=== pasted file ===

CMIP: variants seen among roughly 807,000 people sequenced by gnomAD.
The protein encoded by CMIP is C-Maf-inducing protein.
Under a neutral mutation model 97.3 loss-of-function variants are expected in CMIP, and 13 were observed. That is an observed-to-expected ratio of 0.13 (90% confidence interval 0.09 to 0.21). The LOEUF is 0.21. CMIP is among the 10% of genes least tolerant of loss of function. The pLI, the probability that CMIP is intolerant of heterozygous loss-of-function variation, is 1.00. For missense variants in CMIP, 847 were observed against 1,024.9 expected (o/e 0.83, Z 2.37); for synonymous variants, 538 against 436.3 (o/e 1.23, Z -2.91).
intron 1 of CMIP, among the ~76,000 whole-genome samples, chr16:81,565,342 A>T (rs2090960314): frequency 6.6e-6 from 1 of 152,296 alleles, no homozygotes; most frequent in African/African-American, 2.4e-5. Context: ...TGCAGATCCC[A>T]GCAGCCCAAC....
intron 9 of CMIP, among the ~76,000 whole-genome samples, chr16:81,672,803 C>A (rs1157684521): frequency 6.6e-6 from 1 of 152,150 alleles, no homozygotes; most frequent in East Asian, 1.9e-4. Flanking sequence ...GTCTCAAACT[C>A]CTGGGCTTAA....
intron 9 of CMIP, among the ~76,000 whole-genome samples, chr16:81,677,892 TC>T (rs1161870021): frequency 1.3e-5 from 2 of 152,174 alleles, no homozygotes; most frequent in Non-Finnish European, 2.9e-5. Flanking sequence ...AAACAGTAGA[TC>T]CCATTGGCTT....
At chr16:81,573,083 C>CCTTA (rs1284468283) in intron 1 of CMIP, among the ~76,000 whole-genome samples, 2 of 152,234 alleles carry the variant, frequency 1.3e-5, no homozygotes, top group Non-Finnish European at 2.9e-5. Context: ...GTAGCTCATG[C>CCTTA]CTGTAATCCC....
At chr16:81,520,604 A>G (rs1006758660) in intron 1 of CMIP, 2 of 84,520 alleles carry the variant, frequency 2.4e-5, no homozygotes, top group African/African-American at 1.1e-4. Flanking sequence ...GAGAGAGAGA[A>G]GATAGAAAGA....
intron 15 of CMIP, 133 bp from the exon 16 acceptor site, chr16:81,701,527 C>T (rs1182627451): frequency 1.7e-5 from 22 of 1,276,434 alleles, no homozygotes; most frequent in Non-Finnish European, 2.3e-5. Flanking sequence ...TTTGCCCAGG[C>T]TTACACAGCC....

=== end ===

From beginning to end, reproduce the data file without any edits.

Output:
CMIP: variants seen among roughly 807,000 people sequenced by gnomAD.
The protein encoded by CMIP is C-Maf-inducing protein.
Under a neutral mutation model 97.3 loss-of-function variants are expected in CMIP, and 13 were observed. That is an observed-to-expected ratio of 0.13 (90% confidence interval 0.09 to 0.21). The LOEUF is 0.21. CMIP is among the 10% of genes least tolerant of loss of function. The pLI, the probability that CMIP is intolerant of heterozygous loss-of-function variation, is 1.00. For missense variants in CMIP, 847 were observed against 1,024.9 expected (o/e 0.83, Z 2.37); for synonymous variants, 538 against 436.3 (o/e 1.23, Z -2.91).
intron 1 of CMIP, among the ~76,000 whole-genome samples, chr16:81,565,342 A>T (rs2090960314): frequency 6.6e-6 from 1 of 152,296 alleles, no homozygotes; most frequent in African/African-American, 2.4e-5. Context: ...TGCAGATCCC[A>T]GCAGCCCAAC....
intron 9 of CMIP, among the ~76,000 whole-genome samples, chr16:81,672,803 C>A (rs1157684521): frequency 6.6e-6 from 1 of 152,150 alleles, no homozygotes; most frequent in East Asian, 1.9e-4. Flanking sequence ...GTCTCAAACT[C>A]CTGGGCTTAA....
intron 9 of CMIP, among the ~76,000 whole-genome samples, chr16:81,677,892 TC>T (rs1161870021): frequency 1.3e-5 from 2 of 152,174 alleles, no homozygotes; most frequent in Non-Finnish European, 2.9e-5. Flanking sequence ...AAACAGTAGA[TC>T]CCATTGGCTT....
At chr16:81,573,083 C>CCTTA (rs1284468283) in intron 1 of CMIP, among the ~76,000 whole-genome samples, 2 of 152,234 alleles carry the variant, frequency 1.3e-5, no homozygotes, top group Non-Finnish European at 2.9e-5. Context: ...GTAGCTCATG[C>CCTTA]CTGTAATCCC....
At chr16:81,520,604 A>G (rs1006758660) in intron 1 of CMIP, 2 of 84,520 alleles carry the variant, frequency 2.4e-5, no homozygotes, top group African/African-American at 1.1e-4. Flanking sequence ...GAGAGAGAGA[A>G]GATAGAAAGA....
intron 15 of CMIP, 133 bp from the exon 16 acceptor site, chr16:81,701,527 C>T (rs1182627451): frequency 1.7e-5 from 22 of 1,276,434 alleles, no homozygotes; most frequent in Non-Finnish European, 2.3e-5. Flanking sequence ...TTTGCCCAGG[C>T]TTACACAGCC....